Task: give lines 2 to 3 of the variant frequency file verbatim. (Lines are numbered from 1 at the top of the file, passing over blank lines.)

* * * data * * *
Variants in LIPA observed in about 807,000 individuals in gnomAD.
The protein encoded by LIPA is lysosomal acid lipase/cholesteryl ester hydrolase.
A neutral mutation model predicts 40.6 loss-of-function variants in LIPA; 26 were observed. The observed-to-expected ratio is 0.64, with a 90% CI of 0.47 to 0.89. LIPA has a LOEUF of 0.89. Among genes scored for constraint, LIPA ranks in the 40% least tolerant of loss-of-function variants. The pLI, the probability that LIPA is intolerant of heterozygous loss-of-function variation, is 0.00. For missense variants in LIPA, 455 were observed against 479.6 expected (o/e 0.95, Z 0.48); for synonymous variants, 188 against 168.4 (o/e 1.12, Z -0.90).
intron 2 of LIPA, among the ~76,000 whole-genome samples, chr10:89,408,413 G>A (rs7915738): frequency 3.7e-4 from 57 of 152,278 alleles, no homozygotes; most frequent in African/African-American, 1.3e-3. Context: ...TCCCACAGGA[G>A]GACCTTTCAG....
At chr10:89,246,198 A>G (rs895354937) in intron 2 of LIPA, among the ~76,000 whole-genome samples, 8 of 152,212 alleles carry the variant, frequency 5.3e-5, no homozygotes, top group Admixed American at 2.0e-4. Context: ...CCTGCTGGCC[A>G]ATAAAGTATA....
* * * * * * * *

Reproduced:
The protein encoded by LIPA is lysosomal acid lipase/cholesteryl ester hydrolase.
A neutral mutation model predicts 40.6 loss-of-function variants in LIPA; 26 were observed. The observed-to-expected ratio is 0.64, with a 90% CI of 0.47 to 0.89. LIPA has a LOEUF of 0.89. Among genes scored for constraint, LIPA ranks in the 40% least tolerant of loss-of-function variants. The pLI, the probability that LIPA is intolerant of heterozygous loss-of-function variation, is 0.00. For missense variants in LIPA, 455 were observed against 479.6 expected (o/e 0.95, Z 0.48); for synonymous variants, 188 against 168.4 (o/e 1.12, Z -0.90).